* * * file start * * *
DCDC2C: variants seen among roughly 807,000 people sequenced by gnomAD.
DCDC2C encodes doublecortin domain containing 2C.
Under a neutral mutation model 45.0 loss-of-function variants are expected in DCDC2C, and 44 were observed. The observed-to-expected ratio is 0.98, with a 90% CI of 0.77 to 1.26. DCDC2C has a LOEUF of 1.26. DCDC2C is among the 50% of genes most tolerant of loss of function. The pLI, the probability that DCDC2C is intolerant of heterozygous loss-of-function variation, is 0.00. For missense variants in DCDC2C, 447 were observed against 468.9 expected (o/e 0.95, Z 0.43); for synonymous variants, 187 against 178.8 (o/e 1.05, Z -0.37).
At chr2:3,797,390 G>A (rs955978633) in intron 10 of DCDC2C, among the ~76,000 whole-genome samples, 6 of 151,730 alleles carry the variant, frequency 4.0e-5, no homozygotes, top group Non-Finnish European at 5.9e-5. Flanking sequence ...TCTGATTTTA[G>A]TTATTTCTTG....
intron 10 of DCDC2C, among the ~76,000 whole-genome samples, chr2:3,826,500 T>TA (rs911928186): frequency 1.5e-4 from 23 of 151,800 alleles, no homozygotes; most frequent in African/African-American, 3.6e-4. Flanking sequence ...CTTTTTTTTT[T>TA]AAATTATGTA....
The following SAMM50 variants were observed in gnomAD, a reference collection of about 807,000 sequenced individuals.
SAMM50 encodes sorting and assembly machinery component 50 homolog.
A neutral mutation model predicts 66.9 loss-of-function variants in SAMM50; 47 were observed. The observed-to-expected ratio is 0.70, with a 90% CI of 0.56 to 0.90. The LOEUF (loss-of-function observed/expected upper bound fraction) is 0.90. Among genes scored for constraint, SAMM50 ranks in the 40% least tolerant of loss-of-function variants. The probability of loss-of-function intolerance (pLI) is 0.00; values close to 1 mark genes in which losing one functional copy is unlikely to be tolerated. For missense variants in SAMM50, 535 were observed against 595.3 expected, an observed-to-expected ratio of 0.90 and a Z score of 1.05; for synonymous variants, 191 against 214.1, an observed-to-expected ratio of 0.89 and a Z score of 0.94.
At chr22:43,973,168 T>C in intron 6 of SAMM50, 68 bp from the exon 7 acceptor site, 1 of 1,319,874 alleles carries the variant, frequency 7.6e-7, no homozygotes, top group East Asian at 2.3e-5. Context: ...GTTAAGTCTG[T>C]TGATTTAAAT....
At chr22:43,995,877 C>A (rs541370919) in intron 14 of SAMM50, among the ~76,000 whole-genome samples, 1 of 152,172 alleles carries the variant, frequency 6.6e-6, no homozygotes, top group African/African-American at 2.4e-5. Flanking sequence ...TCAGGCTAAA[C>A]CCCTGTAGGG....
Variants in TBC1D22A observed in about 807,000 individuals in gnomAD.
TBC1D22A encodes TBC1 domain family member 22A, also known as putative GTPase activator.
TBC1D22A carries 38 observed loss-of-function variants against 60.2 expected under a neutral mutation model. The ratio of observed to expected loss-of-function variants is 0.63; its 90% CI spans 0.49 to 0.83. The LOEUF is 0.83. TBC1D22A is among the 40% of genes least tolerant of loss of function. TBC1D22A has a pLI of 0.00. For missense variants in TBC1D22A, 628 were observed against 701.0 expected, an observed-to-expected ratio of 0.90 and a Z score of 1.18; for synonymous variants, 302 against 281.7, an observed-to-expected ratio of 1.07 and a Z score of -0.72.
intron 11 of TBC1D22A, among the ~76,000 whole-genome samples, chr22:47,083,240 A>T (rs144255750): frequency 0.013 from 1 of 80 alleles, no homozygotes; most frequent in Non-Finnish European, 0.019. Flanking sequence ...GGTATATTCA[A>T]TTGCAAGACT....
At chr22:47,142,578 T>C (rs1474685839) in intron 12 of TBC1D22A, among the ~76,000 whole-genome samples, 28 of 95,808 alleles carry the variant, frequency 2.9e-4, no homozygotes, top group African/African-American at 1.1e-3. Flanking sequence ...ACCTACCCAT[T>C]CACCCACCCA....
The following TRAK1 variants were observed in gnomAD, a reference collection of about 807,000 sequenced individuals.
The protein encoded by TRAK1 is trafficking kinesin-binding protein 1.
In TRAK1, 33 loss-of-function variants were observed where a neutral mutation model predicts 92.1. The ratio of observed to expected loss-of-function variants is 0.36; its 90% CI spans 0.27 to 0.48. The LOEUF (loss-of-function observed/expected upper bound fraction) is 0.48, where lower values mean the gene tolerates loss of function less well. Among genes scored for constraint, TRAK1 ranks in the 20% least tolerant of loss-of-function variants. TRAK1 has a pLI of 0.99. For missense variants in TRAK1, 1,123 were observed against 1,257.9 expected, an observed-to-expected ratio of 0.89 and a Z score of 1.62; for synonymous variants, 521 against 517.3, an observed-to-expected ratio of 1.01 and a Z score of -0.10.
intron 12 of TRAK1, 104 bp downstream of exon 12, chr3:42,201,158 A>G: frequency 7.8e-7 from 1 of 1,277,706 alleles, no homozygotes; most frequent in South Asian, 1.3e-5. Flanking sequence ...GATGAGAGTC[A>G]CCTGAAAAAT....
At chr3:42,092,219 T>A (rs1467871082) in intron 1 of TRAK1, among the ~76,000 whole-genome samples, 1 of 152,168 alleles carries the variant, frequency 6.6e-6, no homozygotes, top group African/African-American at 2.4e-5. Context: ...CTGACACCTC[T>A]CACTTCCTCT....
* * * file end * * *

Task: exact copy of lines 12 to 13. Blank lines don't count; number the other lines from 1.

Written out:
TBC1D22A encodes TBC1 domain family member 22A, also known as putative GTPase activator.
TBC1D22A carries 38 observed loss-of-function variants against 60.2 expected under a neutral mutation model. The ratio of observed to expected loss-of-function variants is 0.63; its 90% CI spans 0.49 to 0.83. The LOEUF is 0.83. TBC1D22A is among the 40% of genes least tolerant of loss of function. TBC1D22A has a pLI of 0.00. For missense variants in TBC1D22A, 628 were observed against 701.0 expected, an observed-to-expected ratio of 0.90 and a Z score of 1.18; for synonymous variants, 302 against 281.7, an observed-to-expected ratio of 1.07 and a Z score of -0.72.